LECTURE 7: CASES AND COMMON ERRORS (
§
3.43.5)
1.
Proof by Cases
Occasionally it is useful to break a proof into smaller pieces that can each be dealt with.
Example 1.
If the domain is
N
we might consider
x
= 1 as one case, and
x >
1 as another case.
If the domain is
Z
we might consider the two cases:
x
is odd,
x
is even.
If the domain is
R
we might consider
x
= 0,
x >
0, and
x <
0 as three cases.
Result.
If
n
∈
Z
then
n
2
+ 3
n
+ 5
is odd.
Proof.
We proceed by cases, according to the parity of
n
.
Case 1:
n
is even. Then
n
= 2
x
for some
x
∈
Z
. Thus
n
2
+3
n
+5 = 4
x
2
+6
x
+5 = 2(2
x
2
+3
x
+2)+1
is odd.
Case 2:
n
is odd. Then
n
= 2
y
+ 1 for some
y
∈
Z
. Thus
n
2
+ 3
n
+ 5 = (2
y
+ 1)
2
+ 3(2
y
+ 1) + 5 =
4
y
2
+ 4
y
+ 1 + 6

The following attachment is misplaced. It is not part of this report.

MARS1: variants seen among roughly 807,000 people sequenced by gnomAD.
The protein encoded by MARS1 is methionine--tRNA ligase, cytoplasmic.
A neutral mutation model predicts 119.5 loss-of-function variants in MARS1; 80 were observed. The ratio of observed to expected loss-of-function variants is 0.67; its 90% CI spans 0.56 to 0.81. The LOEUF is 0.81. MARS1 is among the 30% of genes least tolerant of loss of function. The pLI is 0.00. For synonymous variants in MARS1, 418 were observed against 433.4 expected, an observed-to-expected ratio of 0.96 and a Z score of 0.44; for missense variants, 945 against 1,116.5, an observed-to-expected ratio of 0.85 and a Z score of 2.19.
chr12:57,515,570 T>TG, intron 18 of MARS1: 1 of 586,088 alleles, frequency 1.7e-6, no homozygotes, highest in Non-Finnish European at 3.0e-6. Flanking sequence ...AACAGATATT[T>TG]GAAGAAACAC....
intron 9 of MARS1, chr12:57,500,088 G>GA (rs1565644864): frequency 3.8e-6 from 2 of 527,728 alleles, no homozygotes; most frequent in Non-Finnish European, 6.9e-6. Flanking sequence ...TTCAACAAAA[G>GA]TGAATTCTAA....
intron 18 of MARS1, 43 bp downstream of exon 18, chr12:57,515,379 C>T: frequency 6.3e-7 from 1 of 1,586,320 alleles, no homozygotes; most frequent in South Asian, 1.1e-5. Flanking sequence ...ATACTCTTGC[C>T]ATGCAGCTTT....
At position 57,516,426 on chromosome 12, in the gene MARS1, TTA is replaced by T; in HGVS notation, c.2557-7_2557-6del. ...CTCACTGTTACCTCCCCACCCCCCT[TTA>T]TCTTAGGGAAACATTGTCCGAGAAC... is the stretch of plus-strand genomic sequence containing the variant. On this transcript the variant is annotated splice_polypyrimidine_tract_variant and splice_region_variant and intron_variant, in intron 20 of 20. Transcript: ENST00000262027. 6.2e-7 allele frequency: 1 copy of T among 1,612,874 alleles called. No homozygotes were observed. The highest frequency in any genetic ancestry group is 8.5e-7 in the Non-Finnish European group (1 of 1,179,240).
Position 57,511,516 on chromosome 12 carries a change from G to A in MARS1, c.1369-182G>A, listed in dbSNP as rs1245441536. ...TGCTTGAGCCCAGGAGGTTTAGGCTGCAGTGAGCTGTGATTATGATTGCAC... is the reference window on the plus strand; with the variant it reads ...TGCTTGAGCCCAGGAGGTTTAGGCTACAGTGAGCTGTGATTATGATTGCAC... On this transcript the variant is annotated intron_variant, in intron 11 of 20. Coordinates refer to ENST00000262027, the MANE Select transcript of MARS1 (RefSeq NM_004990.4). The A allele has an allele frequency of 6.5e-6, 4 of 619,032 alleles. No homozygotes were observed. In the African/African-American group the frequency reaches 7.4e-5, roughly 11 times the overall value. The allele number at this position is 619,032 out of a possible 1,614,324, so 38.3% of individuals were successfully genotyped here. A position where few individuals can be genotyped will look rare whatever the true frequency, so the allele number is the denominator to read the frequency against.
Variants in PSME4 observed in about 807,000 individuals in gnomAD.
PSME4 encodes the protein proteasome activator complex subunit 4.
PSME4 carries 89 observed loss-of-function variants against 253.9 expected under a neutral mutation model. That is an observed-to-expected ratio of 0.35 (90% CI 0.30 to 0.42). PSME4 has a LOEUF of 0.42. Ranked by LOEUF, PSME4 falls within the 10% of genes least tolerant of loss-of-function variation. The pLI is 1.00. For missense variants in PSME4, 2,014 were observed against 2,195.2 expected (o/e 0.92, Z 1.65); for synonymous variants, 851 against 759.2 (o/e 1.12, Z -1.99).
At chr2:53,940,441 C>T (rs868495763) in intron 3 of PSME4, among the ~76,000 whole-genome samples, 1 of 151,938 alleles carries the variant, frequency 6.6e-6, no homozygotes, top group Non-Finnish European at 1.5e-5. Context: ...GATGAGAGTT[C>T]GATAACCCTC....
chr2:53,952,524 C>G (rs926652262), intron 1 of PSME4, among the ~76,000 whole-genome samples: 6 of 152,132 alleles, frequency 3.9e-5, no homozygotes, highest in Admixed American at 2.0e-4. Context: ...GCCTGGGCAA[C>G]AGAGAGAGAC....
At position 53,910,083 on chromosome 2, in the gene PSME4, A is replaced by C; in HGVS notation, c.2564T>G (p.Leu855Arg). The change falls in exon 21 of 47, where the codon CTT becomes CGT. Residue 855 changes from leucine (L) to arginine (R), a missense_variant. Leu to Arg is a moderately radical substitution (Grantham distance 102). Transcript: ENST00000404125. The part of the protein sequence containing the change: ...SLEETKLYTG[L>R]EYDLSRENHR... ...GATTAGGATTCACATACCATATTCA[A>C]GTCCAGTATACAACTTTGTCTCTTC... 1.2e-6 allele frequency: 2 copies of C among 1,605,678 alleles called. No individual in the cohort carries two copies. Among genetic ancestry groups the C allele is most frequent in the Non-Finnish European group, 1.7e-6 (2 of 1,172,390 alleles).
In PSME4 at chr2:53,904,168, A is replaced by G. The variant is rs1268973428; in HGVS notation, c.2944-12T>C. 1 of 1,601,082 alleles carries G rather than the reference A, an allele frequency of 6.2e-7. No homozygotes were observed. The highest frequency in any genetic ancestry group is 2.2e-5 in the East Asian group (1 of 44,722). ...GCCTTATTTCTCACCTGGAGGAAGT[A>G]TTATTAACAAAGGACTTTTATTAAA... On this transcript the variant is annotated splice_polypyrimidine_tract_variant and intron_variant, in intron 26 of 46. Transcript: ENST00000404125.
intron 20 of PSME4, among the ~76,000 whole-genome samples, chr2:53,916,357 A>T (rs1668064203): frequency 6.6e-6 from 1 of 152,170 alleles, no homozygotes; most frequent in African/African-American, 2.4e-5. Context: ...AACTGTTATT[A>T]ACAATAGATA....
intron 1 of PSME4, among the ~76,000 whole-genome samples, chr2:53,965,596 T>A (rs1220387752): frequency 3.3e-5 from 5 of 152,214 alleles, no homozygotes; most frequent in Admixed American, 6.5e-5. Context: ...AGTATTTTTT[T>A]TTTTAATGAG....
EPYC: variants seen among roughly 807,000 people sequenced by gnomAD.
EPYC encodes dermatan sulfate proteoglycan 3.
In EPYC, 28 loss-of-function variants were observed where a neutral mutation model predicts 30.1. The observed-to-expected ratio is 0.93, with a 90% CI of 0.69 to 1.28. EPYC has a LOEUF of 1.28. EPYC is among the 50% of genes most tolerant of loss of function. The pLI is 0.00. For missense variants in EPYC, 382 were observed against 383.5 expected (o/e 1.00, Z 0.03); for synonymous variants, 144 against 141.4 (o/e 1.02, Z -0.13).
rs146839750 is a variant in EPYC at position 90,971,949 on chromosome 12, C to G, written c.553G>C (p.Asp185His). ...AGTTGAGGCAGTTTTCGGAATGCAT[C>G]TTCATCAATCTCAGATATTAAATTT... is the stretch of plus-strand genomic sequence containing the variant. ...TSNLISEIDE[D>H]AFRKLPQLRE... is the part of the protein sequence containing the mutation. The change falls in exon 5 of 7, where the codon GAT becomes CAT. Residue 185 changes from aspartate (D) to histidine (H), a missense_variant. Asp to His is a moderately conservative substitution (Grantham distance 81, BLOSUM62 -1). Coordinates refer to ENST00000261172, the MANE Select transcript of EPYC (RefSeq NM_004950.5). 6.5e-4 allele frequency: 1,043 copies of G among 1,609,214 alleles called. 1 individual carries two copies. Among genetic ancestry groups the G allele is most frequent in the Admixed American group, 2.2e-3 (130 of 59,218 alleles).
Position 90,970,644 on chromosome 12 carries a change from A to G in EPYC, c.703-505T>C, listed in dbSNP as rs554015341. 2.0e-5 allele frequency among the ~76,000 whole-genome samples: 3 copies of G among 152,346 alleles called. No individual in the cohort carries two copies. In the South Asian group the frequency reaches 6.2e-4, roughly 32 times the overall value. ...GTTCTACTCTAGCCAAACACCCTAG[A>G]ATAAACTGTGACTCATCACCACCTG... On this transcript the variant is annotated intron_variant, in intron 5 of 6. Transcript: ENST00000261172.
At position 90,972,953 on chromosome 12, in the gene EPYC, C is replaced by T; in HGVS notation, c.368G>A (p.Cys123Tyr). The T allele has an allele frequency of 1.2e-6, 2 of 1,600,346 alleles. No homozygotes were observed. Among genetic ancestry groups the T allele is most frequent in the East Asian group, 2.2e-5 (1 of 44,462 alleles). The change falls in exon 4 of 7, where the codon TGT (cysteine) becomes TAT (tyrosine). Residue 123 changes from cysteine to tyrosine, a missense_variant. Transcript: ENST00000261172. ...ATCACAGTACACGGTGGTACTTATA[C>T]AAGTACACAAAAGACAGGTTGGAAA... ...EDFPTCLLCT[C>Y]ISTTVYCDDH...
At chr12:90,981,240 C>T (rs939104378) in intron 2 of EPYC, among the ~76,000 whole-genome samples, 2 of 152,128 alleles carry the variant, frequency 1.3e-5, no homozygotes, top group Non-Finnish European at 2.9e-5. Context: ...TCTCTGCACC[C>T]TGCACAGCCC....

y
+ 3 + 5 = 2(2
y
2
+ 5
y
+ 4) + 1 is odd.
We say that two integers have the
same parity
if they are both even, or both odd. Otherwise, we
say they have
opposite parity
.
Result.
Let
x, y
∈
Z
. Then
x
and
y
are of the same parity if and only if
x
+
y
is even.
Proof.
First, assume that
x
and
y
are of the same parity. We have two cases.
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 Spring '11
 Smith
 Even and odd functions, Parity, Evenness of zero, Z.

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